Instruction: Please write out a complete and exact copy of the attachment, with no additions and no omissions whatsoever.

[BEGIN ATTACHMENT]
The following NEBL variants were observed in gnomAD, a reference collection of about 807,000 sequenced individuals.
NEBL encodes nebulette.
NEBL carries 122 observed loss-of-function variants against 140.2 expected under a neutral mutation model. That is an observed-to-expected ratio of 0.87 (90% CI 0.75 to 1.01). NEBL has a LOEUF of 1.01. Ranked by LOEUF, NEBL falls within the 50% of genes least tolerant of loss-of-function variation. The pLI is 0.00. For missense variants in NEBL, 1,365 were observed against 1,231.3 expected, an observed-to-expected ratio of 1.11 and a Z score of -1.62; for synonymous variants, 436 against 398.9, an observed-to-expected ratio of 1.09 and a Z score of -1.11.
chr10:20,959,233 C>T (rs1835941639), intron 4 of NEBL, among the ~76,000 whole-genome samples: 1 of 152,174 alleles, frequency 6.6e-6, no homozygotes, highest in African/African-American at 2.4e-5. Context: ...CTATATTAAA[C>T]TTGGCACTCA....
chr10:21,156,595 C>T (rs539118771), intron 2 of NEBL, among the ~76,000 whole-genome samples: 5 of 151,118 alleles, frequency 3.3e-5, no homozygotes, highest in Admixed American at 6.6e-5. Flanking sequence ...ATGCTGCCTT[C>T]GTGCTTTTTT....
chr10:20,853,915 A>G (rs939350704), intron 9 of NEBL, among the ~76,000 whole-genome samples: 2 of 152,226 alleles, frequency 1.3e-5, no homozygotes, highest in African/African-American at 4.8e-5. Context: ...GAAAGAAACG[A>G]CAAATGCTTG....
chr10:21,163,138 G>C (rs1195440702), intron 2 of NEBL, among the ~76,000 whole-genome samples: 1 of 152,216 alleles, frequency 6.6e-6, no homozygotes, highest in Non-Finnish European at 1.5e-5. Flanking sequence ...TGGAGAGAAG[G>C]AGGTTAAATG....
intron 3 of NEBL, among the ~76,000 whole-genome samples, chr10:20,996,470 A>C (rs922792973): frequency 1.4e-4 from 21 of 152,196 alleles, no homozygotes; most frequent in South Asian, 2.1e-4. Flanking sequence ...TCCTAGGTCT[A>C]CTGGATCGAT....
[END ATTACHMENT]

The following NEBL variants were observed in gnomAD, a reference collection of about 807,000 sequenced individuals.
NEBL encodes nebulette.
NEBL carries 122 observed loss-of-function variants against 140.2 expected under a neutral mutation model. That is an observed-to-expected ratio of 0.87 (90% CI 0.75 to 1.01). NEBL has a LOEUF of 1.01. Ranked by LOEUF, NEBL falls within the 50% of genes least tolerant of loss-of-function variation. The pLI is 0.00. For missense variants in NEBL, 1,365 were observed against 1,231.3 expected, an observed-to-expected ratio of 1.11 and a Z score of -1.62; for synonymous variants, 436 against 398.9, an observed-to-expected ratio of 1.09 and a Z score of -1.11.
chr10:20,959,233 C>T (rs1835941639), intron 4 of NEBL, among the ~76,000 whole-genome samples: 1 of 152,174 alleles, frequency 6.6e-6, no homozygotes, highest in African/African-American at 2.4e-5. Context: ...CTATATTAAA[C>T]TTGGCACTCA....
chr10:21,156,595 C>T (rs539118771), intron 2 of NEBL, among the ~76,000 whole-genome samples: 5 of 151,118 alleles, frequency 3.3e-5, no homozygotes, highest in Admixed American at 6.6e-5. Flanking sequence ...ATGCTGCCTT[C>T]GTGCTTTTTT....
chr10:20,853,915 A>G (rs939350704), intron 9 of NEBL, among the ~76,000 whole-genome samples: 2 of 152,226 alleles, frequency 1.3e-5, no homozygotes, highest in African/African-American at 4.8e-5. Context: ...GAAAGAAACG[A>G]CAAATGCTTG....
chr10:21,163,138 G>C (rs1195440702), intron 2 of NEBL, among the ~76,000 whole-genome samples: 1 of 152,216 alleles, frequency 6.6e-6, no homozygotes, highest in Non-Finnish European at 1.5e-5. Flanking sequence ...TGGAGAGAAG[G>C]AGGTTAAATG....
intron 3 of NEBL, among the ~76,000 whole-genome samples, chr10:20,996,470 A>C (rs922792973): frequency 1.4e-4 from 21 of 152,196 alleles, no homozygotes; most frequent in South Asian, 2.1e-4. Flanking sequence ...TCCTAGGTCT[A>C]CTGGATCGAT....